In this case, because he was driven by a specific ideology that continues to exist in America, we have to understand that ideology, and it continues to exist and flourish. You can look at the Tree of Life shooting in Pittsburgh; it's not as if it was a one-and-done deal. This was someone driven by propaganda, essentially, that is still widely available. And to understand it, and therefore hopefully do something about it, we have to name [the shooter], and we have to understand how he came to hold those views.
Did you seek any access to Roof and his relatives?
I wrote to his immediate family members, more than once, as I recall. I reached out to their attorney [and] I did write to Roof when he was still in the jail here, but I never heard back from any of them, and they never sat down with a reporter to discuss in any length what happened. And then, because Roof represented himself during the penalty phase of the trial, which he did specifically to keep that information [from his family] out, we never heard from them. So they're a great black hole. I didn't pursue [Roof] really strongly because he was a very flat character. His views remained steady; he even wrote after the shooting, "I have not shed a tear for any of the innocent people I killed"—it wasn't as if he went through a metamorphosis that would make for an interesting story.
Were there any particular tics in how newspapers and magazines write about mass shootings that you worked to avoid in this book?
This is one of the main things I wanted to get across: that if you look at news coverage of mass shootings, you see our temptation to categorize people into these lumps. You have the activist kids from Parkland, the saintly black Christians in Charleston. We pigeonhole them into these groups as if they're homogenous people, and in fact they're not, and Emanuel is no different. These are all very different people who had diverse thoughts and opinions—I mean, look at the forgiveness narrative, that's a key one. Everyone points to the notion that all of the families of the survivors forgave Dylann Roof two days after the shooting, at his bond hearing, and that is just not true. There were five family members who spoke at his bond hearing; three of them referenced forgiveness. They all spoke in Christian themes of love and mercy and forgiveness and grace, but they were [just] one group.
If you talk to all of the survivors and a whole variety of family members, you'll see some family members didn't forgive him. And the people who died are all human beings who are different. They may share one thing in common, they may all be Christians, or in this case, they may all be black, but they are not all the same person. As journalists, we do them a disservice by painting them that way when in fact the story's a whole lot more interesting.
Since the Emanuel AME shooting, we've seen shootings in Las Vegas, Orlando, and Parkland, among others. Did writing this book change the way you process news of mass shootings in any way?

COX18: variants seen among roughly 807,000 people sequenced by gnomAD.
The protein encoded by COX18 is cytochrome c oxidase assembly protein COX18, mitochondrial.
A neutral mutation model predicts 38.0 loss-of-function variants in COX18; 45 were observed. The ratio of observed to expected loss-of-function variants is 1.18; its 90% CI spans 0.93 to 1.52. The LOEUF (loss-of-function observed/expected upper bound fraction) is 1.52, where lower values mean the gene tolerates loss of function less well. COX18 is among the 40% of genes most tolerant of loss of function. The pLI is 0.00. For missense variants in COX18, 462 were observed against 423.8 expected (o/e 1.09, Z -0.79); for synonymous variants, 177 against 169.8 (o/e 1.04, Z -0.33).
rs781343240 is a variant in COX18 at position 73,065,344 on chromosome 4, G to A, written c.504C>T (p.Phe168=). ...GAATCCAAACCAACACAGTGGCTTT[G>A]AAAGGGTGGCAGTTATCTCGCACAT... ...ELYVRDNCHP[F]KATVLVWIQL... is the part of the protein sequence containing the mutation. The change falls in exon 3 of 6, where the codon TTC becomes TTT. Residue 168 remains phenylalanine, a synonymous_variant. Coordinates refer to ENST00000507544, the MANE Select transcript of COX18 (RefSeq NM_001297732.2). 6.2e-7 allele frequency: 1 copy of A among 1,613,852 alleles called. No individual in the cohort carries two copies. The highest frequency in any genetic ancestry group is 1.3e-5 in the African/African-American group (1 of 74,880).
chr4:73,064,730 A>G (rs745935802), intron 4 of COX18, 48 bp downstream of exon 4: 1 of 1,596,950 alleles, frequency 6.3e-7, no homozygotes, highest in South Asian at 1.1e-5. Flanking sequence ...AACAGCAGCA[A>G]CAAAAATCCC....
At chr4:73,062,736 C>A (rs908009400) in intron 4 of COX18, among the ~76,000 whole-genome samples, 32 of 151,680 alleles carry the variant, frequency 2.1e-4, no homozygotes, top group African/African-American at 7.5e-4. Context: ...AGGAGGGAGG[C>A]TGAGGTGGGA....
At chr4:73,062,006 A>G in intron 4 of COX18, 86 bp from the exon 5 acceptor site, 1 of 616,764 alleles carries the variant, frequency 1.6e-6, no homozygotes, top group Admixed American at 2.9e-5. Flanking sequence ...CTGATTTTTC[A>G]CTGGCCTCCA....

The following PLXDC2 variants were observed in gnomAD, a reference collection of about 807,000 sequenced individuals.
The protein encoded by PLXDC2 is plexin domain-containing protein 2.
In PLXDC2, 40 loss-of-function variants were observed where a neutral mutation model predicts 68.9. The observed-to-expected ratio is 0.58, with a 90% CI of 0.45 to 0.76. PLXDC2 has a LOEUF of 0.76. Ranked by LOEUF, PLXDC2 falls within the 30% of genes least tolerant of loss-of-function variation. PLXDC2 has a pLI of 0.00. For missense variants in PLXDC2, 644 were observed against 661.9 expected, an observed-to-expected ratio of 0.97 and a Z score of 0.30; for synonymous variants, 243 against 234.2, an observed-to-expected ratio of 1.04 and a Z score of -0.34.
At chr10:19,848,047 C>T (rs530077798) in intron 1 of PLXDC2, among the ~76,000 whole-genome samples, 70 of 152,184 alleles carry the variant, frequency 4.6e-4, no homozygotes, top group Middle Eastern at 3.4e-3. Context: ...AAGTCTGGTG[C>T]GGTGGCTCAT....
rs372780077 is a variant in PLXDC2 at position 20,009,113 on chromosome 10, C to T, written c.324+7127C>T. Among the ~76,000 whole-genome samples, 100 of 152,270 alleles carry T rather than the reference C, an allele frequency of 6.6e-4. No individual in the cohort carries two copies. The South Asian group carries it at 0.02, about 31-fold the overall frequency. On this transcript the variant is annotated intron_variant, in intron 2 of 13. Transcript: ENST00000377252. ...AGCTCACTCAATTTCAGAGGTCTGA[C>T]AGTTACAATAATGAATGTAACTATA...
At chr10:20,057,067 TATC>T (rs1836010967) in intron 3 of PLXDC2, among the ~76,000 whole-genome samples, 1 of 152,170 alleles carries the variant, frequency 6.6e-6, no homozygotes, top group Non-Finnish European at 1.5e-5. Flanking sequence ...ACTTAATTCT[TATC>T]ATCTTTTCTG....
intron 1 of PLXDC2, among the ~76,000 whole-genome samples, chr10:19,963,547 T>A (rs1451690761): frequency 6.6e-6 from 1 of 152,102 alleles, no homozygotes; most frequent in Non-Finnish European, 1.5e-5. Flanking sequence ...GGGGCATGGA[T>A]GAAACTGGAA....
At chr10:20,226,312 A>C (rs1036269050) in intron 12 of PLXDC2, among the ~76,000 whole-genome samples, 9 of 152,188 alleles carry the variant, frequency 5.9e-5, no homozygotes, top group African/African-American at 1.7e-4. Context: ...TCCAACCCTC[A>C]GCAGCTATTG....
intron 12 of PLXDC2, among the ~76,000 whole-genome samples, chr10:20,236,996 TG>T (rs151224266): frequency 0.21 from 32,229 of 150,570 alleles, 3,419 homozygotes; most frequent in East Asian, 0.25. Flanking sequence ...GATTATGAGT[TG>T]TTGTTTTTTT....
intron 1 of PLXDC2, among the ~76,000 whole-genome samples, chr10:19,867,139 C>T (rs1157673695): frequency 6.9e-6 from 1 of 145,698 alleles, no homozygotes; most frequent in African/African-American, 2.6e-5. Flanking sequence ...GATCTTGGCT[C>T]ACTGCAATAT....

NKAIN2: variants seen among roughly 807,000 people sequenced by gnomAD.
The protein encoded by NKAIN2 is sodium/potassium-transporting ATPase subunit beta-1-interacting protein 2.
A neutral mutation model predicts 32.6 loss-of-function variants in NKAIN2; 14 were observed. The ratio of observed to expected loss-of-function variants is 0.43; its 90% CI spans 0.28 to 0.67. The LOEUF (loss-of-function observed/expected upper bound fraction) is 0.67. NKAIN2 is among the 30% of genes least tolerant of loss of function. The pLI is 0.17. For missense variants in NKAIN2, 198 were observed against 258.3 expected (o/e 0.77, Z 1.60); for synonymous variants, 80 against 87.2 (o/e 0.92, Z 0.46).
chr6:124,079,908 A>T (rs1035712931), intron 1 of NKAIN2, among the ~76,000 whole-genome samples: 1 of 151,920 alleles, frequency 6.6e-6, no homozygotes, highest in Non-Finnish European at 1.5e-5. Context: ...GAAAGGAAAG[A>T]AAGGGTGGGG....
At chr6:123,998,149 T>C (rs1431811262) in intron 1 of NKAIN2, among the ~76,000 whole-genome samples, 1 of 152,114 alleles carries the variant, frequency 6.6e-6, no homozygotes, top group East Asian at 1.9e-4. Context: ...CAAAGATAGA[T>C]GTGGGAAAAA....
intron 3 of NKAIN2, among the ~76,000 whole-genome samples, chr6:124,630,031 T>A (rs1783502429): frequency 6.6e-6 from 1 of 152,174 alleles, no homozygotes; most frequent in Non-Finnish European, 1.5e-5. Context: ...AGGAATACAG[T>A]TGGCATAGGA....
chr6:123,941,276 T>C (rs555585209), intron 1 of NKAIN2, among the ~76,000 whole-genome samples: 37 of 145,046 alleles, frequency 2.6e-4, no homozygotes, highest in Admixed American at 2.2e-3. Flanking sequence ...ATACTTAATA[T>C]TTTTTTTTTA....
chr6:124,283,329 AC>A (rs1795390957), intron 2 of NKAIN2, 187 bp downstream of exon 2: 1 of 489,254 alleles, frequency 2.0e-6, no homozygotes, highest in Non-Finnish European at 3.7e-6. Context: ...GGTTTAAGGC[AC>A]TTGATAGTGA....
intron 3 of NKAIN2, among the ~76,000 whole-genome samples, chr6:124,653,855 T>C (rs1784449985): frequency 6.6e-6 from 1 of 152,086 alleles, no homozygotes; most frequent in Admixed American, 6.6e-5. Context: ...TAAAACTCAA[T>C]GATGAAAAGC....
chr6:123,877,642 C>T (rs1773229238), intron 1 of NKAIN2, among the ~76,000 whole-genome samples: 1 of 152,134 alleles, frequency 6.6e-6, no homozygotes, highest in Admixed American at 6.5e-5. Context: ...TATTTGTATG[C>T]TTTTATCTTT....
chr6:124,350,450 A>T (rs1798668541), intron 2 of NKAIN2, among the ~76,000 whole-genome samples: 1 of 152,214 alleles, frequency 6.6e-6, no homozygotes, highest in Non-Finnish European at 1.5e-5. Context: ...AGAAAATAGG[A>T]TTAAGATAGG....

I was talking at an event for this book to launch it, and I explained that I had come to think of these shootings as a rock being thrown into a pond—you see the initial splash where the rock hits the water, and then these rings form and form and form and spread across the surface of the water. That's how it affects a community: In a city the size of Charleston or Aurora or Parkland, that affects everybody. It affects so many people, so that now, whenever I hear about [mass shootings], I'm instantly struck that not only are people who lost loved ones just finding out, but I remember the surreal nature of our city for weeks on end, and then know that it's going to have an enormous impact on that city for years to come. It really makes me feel very sad as a human being that we're not doing more to prevent this from happening.
The subtitle of the book calls the journey of these survivors "inspiring." What about this story do you hope will inspire readers?
Well, the fact that they survived with any degree of normalcy. I can't imagine what it's like to be in the room essentially the size of a classroom and have 77 bullets shot into the people around you. How do you even go forward day by day? And you've got to keep in mind, it's not just the loss from the shooting, but all of a sudden, everybody wants something to do with [the survivors]. Everybody wants a part of them. Everybody wants to make some money off of them. Everything about their lives changed, and to see them now, four years later, really finding their feet—and for many of them, their missions—to me that's inspiring. Because I wasn't sure along the way how it would turn out for some of them.
Do you keep in contact with any of the survivors now that you've finished the book?
I still see some of them because I cover things like anniversary events [at AME], but not as much as I did, and honestly that's a bit of a relief. Because really, for about two and a half years, I was constantly pressing, trying to get access and spend time with them. As a reporter, that was the hardest part, that constant pressing. Because you want to be gentle and sensitive, but you also want to tell their story. I knew they would be glad that they had in the end because I've seen that many, many times with stories about sensitive things: Once it runs and they're happy with it, they're glad they did it. But it doesn't always feel like that. It is a relief just to see them and ask "Hey, how are you?" and that's really all I want to know.
This interview has been edited for length and clarity.